inside the altars of the churches with blue cupolas he recounts the spring cuckoo’s notes his cries strip him of himself modify his flesh until the days are born from the wounds of his feet daughter of this earth I can hear his bones cracking with love for you his voice made from curses and myrrh his body stretched between heaven and the bloom of the olive trees his retina caught inside the limonite of the yellow marble everything speaks of the impossibility of tomorrow daughter of this earth you who travel in the lands of the snakes with no name and shed your skin and your beauty in every sunset you are the virginal sin in the nights of the hyacinths show mercy go back to him the resurrection is near
I am thrilled that my two poems Prayerand A Night of Marble and of Gingerbread were included in Issue I of Free Verse Revolution: Hebe (the fountain of youth)
Prayer by Gabriela Marie Milton
you, fountain of youth, forgive me I am the one made from mud and from the skin of Attica’s flutes at night, my existence feels like an impertinence or perhaps like an interlinear a language half-imagined half adulterated by the bloom of the olive trees under the sticky wing of an angel I was born in the swamps where the tombs of the prophets sunk I am blood and bones when I smell the sea and the meat from the grill church bell toll and speak of death, and of the mystique of oblique winds you, goddess of youth, source of life from where four rivers flow your child-like body stands some days on the top of the mountains and others on the top of the fountains your skin is dewed and flowered with love my skin haunts the night of the deserts your destiny is that of the innocents mine is that of the sinners forgive me, you, Hebe that I do not ask for the gift of youth give it to the children give it to the sick and throw what is left into the sea the fish will be happy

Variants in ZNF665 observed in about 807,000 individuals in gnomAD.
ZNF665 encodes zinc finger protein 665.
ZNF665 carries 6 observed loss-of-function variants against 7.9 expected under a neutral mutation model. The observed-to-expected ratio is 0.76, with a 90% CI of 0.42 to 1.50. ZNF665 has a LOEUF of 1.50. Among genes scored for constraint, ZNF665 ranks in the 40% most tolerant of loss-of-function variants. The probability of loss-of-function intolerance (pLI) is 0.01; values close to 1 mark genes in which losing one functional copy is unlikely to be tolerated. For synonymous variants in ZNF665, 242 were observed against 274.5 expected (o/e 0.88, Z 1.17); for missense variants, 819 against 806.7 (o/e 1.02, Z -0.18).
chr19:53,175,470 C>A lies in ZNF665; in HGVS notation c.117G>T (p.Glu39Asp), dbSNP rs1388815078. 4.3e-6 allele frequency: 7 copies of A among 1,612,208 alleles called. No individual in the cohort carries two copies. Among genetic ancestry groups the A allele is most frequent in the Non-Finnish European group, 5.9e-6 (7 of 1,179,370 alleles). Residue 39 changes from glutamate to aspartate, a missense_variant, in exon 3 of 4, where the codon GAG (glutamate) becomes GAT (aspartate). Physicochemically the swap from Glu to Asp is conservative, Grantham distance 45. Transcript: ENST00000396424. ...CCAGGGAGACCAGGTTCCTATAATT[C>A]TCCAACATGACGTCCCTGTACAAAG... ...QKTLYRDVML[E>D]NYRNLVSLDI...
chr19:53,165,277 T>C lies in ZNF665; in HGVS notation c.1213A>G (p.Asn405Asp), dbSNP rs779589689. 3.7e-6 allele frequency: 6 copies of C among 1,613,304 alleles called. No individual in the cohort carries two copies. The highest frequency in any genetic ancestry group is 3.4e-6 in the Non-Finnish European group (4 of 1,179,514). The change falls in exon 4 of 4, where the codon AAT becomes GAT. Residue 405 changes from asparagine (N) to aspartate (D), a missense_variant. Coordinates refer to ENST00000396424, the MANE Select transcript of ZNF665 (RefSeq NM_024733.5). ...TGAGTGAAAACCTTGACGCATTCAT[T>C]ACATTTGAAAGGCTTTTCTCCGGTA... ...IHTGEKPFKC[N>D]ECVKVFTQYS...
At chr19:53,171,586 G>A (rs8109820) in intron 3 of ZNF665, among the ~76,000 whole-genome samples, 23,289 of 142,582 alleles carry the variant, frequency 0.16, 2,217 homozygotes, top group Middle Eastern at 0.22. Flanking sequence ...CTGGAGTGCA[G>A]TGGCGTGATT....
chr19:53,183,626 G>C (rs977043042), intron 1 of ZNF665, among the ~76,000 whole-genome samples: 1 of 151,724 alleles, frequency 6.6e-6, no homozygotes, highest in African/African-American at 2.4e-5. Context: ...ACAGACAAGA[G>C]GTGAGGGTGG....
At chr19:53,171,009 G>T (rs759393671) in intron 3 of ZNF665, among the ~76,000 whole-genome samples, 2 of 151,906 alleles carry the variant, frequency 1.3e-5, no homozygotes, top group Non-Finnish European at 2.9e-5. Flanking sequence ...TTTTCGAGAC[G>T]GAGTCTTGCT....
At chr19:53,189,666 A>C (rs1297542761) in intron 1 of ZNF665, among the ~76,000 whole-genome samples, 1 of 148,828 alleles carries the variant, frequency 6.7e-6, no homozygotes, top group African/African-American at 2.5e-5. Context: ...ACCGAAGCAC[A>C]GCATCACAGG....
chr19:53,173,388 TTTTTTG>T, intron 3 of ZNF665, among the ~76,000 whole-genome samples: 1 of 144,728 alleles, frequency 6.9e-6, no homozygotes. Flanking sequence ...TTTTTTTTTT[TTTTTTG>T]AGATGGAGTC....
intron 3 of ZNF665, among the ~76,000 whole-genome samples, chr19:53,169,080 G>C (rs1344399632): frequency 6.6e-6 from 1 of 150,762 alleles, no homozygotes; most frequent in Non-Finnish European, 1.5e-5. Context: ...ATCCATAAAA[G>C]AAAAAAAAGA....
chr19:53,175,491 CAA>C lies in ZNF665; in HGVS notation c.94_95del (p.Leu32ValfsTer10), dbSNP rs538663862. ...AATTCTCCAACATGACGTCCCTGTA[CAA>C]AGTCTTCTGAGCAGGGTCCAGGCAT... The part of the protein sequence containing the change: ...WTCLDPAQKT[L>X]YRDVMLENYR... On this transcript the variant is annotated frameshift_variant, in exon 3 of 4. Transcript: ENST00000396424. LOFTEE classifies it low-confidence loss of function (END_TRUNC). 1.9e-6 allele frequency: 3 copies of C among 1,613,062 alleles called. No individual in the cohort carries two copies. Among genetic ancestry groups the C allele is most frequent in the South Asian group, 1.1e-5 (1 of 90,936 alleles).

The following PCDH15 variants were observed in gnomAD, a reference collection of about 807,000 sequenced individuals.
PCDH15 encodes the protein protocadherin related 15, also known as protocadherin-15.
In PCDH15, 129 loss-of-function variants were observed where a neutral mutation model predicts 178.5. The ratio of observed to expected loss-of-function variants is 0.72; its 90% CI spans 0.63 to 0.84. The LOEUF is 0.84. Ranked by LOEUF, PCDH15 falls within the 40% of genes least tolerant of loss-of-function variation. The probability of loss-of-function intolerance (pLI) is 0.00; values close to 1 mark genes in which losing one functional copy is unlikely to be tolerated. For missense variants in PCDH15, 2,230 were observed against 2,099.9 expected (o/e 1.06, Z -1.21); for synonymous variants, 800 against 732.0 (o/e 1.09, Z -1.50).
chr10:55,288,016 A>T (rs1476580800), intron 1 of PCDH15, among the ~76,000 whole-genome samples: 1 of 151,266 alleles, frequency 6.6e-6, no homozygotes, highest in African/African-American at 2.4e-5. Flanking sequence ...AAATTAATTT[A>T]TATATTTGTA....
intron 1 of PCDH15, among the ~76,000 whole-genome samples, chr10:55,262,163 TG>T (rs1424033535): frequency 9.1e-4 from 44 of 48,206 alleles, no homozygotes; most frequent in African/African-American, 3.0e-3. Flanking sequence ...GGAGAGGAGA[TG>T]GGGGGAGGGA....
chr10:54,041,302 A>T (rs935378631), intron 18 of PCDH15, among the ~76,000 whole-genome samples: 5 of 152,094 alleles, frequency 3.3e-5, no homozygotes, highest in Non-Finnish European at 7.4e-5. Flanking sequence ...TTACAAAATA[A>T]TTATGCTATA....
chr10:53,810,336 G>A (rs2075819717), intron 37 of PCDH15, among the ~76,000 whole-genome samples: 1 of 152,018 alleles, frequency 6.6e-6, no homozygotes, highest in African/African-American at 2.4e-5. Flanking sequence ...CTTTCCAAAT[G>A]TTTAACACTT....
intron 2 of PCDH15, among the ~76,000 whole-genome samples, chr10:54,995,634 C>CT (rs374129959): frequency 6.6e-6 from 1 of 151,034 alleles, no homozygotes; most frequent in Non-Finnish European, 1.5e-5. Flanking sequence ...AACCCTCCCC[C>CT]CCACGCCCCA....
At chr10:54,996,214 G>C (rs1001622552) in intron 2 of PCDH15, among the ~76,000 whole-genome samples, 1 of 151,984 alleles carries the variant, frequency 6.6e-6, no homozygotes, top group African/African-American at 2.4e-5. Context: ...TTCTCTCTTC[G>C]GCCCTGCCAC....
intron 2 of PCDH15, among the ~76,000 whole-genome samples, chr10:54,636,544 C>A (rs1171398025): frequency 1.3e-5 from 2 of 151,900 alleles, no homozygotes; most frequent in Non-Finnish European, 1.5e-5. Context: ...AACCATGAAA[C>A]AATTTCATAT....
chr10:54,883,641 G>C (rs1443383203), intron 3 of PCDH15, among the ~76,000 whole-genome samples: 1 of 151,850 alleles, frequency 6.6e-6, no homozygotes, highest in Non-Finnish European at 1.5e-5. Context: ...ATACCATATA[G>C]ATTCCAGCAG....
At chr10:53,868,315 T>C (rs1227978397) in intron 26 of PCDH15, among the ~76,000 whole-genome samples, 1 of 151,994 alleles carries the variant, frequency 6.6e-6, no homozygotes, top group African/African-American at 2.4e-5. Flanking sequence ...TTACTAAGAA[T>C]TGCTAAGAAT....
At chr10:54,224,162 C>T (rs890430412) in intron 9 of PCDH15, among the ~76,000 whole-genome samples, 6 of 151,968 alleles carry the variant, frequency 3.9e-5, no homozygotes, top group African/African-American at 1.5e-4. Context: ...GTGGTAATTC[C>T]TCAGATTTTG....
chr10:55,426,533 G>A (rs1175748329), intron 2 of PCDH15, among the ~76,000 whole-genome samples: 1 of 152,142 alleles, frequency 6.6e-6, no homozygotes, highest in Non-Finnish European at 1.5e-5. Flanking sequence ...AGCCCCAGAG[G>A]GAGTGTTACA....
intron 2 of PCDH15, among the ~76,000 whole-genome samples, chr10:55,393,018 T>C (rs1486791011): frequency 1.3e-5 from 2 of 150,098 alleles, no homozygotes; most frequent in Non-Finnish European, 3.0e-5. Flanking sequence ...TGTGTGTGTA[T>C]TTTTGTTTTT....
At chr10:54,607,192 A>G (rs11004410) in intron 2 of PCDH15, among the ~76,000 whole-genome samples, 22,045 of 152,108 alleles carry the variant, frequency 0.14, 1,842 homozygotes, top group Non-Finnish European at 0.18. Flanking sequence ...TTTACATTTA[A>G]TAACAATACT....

A Night of Marble and of Gingerbread by Gabriela Marie Milton
on the top of the mountain the pines silhouette against the whisper of the rocks the night is cut from marble, and from gingerbread the wind stops on a branch touched by a naked star I take the measure of that which forever youth gives red poppies that never wither seeds that never impregnate the ground a love that still plays with toys, and lights candles in a Christmas tree in the middle of summer the moon is mortal and concerned with trivial matters and so am I Hebe, how many know that you are the bud of incest and patricide? how many know your child’s eyes witnessed so many crimes? filled with pain, you stop growing up, isn’t it so? oh, don’t cry here is my impermanent heart wear it for one day in the morning you will see the old oak dying in the rain at noon butterflies will sit on your hair in the night a Lethean forgetfulness will lecture on the beauty of transitory love kisses will feel like honey on the tongue the breath of love will rest on your skin you will grow up what? you do not want your forever youth back? dream it’s spring